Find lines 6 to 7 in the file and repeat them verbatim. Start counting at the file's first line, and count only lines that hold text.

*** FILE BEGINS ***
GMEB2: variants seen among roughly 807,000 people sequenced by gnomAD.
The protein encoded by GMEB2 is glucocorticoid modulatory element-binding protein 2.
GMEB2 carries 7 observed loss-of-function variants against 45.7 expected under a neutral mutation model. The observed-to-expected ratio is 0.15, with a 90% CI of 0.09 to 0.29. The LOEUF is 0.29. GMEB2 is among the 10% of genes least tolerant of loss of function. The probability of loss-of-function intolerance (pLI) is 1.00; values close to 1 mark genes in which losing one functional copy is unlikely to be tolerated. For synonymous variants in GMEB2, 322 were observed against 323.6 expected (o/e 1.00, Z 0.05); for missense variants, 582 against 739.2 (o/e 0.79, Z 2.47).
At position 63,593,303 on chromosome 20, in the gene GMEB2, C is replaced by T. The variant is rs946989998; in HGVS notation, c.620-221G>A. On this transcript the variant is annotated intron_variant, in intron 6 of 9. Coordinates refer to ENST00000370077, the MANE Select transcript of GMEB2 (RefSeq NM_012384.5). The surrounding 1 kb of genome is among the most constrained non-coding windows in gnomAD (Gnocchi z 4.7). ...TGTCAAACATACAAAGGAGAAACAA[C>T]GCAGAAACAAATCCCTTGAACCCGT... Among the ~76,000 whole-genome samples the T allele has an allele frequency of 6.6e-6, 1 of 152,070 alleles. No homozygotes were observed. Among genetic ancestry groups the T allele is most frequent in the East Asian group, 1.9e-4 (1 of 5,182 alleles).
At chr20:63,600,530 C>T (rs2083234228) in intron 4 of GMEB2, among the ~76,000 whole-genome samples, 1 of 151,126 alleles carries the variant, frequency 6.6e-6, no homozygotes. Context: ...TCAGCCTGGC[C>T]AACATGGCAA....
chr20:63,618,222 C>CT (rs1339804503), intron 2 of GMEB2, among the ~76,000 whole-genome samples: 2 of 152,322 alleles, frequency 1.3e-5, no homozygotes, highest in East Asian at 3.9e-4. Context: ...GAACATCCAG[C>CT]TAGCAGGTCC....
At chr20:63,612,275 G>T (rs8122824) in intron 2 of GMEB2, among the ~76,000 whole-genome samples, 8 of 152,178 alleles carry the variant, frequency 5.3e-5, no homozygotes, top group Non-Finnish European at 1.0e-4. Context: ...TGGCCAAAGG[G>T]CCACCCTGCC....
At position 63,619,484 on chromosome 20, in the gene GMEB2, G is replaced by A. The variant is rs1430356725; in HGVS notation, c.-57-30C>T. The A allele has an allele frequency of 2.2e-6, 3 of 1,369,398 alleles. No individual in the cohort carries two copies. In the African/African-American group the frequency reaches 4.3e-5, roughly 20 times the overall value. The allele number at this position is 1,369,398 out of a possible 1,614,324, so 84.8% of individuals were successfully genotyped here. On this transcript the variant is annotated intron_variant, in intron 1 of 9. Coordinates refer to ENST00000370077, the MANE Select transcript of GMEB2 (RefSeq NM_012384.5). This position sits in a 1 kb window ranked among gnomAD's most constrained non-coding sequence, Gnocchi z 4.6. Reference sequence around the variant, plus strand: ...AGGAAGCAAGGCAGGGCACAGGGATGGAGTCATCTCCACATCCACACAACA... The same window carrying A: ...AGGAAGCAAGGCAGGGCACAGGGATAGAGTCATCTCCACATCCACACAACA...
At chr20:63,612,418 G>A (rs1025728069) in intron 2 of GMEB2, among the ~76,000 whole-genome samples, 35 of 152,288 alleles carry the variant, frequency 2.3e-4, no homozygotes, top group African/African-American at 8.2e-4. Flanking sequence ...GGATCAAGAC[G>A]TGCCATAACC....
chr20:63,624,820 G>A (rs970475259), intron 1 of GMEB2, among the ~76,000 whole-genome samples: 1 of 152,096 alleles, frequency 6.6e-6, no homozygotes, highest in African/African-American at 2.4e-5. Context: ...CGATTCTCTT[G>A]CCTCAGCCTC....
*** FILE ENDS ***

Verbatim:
chr20:63,618,222 C>CT (rs1339804503), intron 2 of GMEB2, among the ~76,000 whole-genome samples: 2 of 152,322 alleles, frequency 1.3e-5, no homozygotes, highest in East Asian at 3.9e-4. Context: ...GAACATCCAG[C>CT]TAGCAGGTCC....
At chr20:63,612,275 G>T (rs8122824) in intron 2 of GMEB2, among the ~76,000 whole-genome samples, 8 of 152,178 alleles carry the variant, frequency 5.3e-5, no homozygotes, top group Non-Finnish European at 1.0e-4. Context: ...TGGCCAAAGG[G>T]CCACCCTGCC....